It’s no secret that Kanye West’s head has grown to the size of a small planet. Between weathering a flurry of strange public foibles and jumping headfirst onto the neon-bright-style train, he’s grown from the little-producer-that-could into a supernova-size celebrity, with the ego to match. Pretty much every aspect of his third full-length, Graduation, reflects this bigger and grander Kanye, far removed from the one that many fell in love with on his highly anticipated 2004 debut, The College Dropout, but certainly no less talented.
Bursting with operatic string sections and much-talked-about synths, the production on Graduation is truly remarkable. Even on the melancholy numbers, such as the piano-led “I Wonder,” West turns it out with a crashing beat and winding keys. The samples throughout are used wonderfully, particularly when he flips Steely Dan (yes, Steely Dan) on “Champion” and Michael Jackson on “Good Life.” (The much hyped Daft Punk sample at the heart of the single “Stronger,” released this summer, is probably the best part of the song.) Still, West never settles for samples alone, and there’s a palpable sense of grandeur on each tune, with the sound of anything from cheering crowds to hard-rock guitars supplementing the beats and synths. It’s clear that West has one thing in mind, and he reveals it on “Big Brother,” his ode to Jay-Z: “Stadium status.”
But behind the bravado on Graduation — indeed, on “Big Brother” itself — West often gets introspective about his own fame and the attitude that has grown out of it. One minute he admits “My head’s so big you can’t sit behind me,” and the next complains that “They say I talk with so much emphasis/ Ooh, they so sensitive.” He even comments on something as superficial as his poor choice of outfit at the Grammy Awards: “That tux might’ve made me look a little guido/ But with my ego I could stand there in a Speedo and still look like a fuckin’ hero.”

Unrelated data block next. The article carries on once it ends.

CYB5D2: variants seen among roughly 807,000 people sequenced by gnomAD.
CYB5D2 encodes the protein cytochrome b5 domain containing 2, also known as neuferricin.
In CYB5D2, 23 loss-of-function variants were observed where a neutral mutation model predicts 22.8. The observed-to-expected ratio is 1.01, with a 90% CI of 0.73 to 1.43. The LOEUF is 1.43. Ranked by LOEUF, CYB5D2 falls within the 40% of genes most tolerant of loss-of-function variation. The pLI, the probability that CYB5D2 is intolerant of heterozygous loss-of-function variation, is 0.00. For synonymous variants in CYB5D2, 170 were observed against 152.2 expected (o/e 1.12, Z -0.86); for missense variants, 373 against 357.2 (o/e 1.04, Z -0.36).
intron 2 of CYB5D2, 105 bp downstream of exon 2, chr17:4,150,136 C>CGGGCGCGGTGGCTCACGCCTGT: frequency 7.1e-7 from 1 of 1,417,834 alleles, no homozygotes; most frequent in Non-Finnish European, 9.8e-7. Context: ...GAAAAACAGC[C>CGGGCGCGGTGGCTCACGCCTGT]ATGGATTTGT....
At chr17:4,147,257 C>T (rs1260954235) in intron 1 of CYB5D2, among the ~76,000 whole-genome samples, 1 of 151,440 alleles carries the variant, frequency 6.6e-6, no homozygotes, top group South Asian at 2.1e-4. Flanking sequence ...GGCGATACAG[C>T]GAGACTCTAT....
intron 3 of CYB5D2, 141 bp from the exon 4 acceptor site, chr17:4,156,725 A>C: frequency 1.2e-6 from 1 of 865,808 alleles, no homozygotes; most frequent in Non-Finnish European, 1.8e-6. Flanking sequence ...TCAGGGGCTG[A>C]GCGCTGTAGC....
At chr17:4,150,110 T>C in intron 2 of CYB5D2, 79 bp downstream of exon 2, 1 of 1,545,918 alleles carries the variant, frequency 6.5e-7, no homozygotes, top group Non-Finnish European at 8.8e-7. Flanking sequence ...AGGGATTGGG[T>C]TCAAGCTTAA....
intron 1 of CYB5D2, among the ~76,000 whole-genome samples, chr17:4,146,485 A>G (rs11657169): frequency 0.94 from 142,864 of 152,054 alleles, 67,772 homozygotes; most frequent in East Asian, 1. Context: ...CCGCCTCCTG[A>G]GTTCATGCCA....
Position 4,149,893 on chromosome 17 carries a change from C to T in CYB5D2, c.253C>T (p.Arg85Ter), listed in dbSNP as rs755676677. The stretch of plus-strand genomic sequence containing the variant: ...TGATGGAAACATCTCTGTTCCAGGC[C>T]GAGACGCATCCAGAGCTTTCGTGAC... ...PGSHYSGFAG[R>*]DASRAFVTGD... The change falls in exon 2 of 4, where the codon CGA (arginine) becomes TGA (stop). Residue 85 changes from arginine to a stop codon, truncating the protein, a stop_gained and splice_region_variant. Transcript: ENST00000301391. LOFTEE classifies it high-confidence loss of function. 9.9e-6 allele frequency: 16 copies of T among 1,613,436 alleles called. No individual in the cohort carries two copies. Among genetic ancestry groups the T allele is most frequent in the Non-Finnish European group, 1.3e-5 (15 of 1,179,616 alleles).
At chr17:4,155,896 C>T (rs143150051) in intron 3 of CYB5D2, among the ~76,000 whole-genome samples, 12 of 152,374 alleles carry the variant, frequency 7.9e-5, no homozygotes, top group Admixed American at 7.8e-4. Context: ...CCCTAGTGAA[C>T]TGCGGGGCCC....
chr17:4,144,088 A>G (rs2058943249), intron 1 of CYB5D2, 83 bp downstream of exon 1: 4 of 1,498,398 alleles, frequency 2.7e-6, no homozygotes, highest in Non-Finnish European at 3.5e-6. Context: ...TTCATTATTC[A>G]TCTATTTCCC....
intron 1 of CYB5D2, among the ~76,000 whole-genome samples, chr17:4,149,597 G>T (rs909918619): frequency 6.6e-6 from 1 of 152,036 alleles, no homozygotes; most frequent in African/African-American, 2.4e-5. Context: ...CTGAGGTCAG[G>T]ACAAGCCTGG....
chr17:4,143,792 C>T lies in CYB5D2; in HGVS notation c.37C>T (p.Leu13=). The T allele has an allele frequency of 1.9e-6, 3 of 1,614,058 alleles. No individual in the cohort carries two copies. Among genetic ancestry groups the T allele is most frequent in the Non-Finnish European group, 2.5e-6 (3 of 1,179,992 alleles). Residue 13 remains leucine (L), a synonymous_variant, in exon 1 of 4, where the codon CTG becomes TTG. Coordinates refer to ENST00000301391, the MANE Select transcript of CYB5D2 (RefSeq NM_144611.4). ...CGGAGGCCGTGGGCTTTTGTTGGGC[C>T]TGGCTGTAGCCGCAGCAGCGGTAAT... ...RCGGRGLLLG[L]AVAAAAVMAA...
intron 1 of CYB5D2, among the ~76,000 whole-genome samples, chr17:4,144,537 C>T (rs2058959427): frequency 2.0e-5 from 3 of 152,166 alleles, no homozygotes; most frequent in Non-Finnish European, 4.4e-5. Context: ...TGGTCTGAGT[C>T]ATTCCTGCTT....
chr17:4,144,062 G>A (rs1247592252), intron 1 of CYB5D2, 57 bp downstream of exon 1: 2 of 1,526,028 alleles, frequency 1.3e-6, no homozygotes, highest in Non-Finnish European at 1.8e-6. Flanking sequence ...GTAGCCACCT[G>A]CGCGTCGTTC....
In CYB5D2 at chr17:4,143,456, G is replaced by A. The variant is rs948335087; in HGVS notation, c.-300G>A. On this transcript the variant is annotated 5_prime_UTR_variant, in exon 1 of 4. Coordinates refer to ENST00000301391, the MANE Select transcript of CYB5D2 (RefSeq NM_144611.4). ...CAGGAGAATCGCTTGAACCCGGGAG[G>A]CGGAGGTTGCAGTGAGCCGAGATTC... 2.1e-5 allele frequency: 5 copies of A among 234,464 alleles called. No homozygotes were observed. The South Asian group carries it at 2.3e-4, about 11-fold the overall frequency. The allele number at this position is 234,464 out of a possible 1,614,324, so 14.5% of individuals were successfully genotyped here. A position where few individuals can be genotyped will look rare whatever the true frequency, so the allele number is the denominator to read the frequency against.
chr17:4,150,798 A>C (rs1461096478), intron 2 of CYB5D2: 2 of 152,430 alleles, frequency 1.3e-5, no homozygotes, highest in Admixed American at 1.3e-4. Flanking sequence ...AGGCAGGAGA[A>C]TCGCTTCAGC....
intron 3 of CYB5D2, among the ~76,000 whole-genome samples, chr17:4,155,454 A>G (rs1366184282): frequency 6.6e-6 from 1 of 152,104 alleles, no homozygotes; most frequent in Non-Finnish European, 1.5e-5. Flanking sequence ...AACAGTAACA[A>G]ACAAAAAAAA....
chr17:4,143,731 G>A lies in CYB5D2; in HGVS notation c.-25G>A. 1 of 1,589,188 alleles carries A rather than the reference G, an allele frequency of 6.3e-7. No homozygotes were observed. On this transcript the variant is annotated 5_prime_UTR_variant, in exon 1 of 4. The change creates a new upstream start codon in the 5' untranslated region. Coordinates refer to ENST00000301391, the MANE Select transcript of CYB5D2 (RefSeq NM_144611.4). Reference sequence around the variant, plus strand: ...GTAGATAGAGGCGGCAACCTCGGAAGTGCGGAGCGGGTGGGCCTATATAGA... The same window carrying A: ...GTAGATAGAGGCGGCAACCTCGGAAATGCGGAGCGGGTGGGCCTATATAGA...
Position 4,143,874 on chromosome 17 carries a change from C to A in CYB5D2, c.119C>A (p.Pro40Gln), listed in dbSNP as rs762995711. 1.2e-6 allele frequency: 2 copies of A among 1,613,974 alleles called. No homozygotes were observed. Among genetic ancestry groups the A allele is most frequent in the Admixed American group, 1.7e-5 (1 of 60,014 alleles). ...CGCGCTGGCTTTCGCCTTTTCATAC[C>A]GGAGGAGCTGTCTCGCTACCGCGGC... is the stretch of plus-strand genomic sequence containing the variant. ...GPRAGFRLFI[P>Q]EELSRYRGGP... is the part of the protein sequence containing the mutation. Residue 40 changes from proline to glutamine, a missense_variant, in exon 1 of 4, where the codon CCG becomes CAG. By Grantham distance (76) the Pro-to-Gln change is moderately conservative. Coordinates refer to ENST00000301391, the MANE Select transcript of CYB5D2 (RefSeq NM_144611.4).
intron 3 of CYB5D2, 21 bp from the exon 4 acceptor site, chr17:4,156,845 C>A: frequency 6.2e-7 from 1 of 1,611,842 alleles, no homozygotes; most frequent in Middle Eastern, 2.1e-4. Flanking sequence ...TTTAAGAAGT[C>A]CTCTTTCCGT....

West’s writing and delivery has improved since The College Dropout, though they’re still marked by both a cleverness and a clumsiness. He spends less time hiding behind guest emcees here than he has in the past, and the words behind his own flow reflect a changed man. Gone is most of the humor of the past. It still shows up in songs such as “Drunk and Hot Girls,” featuring Mos Def, but there is not a single comic interlude, and sadly there is no “Workout Plan” on Graduation. The upside is that we get an album that’s lean and without filler.
If the album’s title suggests a conceptual follow-up to his two previous albums, that never really comes to the fore. What is present in all three albums is that ego of his, again on display in every track on the album. But Graduation shows again that if anyone has the right to brag this much, Kanye West is one of the few.